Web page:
The Students’ Union (SU) Elections are right around the corner, and with voting happening online for the first time in the organisation’s history, we decided to ask why you should bother with the whole thing. Registration, which closes on April 24th, is necessary to be eligible to vote on polling days. Here to tell you why you should and shouldn’t bother voting, is Joanna Siewierska, this year’s SU President, and Aaron Bowman, last year’s Co-Editor of the Tribune.

Why Should You Care?

Siewierska: The Students’ Union is the recognised representative of student voice on our campus. Whether you know everything about it, or never engage with it at all, it’s work affects all students. And its potential to achieve positive change for students is incredible! But it needs your input, in order to realise it.

Bowman: Weeks late and in the mists of the bigger crisis many students have ever experienced in their lives, the Students’ Union is desperately trying to get you to care about its annual popularity contest. For a politics student and former Editor of the College Tribune it may be an odd stance to take, but SU elections really don’t matter. For one, everyone running has more or less the same ideas and those that try to think up something new generally run so far beyond the realm of possibility that you’d think they were running to be a Government TD.

Why Should You Vote?

Siewierska: The SU is independent of the University and its only prerogative is to do right by the students. How this plays out in practice depends on who is in the driving seat of the SU – and this decision is directly in your hands, as the students of UCD.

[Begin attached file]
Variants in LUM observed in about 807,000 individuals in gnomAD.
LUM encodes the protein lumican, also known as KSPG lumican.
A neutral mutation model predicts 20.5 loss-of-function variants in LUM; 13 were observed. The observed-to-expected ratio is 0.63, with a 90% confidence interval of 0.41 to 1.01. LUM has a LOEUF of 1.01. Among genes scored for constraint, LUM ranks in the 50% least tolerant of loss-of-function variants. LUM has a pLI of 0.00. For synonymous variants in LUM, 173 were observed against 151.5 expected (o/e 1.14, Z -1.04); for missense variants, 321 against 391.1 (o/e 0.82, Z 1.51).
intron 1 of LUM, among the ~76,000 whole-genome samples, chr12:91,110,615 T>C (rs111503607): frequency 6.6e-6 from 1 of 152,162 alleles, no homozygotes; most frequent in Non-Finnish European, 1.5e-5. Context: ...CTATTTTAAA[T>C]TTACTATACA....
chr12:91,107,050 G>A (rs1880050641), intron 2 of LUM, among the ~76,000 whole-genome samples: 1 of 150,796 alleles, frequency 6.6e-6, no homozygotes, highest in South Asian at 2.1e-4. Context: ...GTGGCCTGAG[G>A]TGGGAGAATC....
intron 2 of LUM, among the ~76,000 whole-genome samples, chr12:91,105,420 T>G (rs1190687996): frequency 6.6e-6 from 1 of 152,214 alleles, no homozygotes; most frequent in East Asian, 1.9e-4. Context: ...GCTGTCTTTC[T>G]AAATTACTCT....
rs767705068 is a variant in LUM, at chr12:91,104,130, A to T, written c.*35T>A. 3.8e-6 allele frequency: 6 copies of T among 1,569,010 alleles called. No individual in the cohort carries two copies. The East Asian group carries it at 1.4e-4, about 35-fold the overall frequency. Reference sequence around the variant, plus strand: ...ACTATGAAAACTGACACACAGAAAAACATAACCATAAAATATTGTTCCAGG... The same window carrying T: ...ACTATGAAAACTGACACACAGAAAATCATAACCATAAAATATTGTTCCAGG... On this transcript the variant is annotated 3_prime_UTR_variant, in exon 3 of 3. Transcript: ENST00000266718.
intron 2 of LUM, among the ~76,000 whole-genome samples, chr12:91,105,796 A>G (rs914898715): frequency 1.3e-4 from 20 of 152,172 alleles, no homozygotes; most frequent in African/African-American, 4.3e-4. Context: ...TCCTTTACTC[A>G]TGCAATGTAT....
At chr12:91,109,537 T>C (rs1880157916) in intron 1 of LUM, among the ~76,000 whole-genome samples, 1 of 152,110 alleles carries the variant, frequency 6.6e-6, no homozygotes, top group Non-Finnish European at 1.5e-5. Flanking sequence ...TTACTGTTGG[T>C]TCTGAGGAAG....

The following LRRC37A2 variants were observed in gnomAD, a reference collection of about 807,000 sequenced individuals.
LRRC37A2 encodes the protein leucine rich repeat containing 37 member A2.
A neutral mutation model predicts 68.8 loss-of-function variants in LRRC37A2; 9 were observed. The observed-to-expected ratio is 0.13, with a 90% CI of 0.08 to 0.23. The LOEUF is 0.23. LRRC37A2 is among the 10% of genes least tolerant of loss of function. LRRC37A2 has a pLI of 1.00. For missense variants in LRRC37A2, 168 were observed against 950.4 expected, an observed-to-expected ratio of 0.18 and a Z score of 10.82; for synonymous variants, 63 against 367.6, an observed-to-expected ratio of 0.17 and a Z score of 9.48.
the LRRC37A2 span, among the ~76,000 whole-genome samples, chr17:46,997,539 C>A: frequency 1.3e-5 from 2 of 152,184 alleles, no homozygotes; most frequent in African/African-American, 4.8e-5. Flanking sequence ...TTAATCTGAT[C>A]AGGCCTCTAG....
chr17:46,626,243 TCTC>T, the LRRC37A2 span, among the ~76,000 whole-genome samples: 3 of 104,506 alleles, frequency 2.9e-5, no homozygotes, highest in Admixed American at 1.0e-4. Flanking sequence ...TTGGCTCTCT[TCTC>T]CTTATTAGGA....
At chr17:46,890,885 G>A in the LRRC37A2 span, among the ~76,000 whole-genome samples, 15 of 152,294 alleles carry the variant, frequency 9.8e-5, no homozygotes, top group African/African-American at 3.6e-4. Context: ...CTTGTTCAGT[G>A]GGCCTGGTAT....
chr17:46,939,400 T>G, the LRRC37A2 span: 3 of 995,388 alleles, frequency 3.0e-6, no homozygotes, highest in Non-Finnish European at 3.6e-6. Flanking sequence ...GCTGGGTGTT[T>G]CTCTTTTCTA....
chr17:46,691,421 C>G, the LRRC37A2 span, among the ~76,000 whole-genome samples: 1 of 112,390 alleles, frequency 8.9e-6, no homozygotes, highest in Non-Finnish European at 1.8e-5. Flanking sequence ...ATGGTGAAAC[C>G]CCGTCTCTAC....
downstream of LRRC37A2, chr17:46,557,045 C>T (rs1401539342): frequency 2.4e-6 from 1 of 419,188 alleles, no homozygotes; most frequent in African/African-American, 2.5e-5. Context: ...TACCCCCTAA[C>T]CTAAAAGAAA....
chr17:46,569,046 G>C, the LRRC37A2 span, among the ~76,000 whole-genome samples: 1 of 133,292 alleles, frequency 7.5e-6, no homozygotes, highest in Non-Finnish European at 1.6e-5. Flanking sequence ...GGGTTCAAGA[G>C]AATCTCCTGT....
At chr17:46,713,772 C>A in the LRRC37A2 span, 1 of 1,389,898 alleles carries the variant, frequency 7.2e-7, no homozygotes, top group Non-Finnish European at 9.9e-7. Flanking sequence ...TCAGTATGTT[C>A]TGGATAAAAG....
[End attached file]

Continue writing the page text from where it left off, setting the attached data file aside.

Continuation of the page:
Bowman: Secondly you may notice that just about every candidate could be classified as an “hack” or “insider”. Just about every candidate running either currently holds a position in the SU or has been involved in every major SU campaign this year. Being knowledgeable about the institution you are running for isn’t a bad thing, but it does mean that you tend to have a stake in the existing structure, faults and all. This might explain why nearly nothing seemed to change in how the SU has approached things in the last few years, everyone running the show came up through the system.

What Can Your Voice Do In This Election?

Siewierska: Your vote matters because the SU is a democratic organisation and the stronger it is, the greater the power it can yield against management when their decisions go against the best interest of students. Just look at what 6,000 signatures and over 4.5k students mobilising online delivered, in terms of pushing rigorous exam and grading support for students during COVID-19. The success of that campaign came down to two factors – strong student turn out, and SU action representing that voice with top management. It’s a simple formula. Big numbers and confident representatives, equal results. But for this to work, we need a strong mandate to put the incoming sabbatical team on firm ground to represent you into the next academic year. You have the opportunity to vote for people who will continue to stand up for you for the year ahead.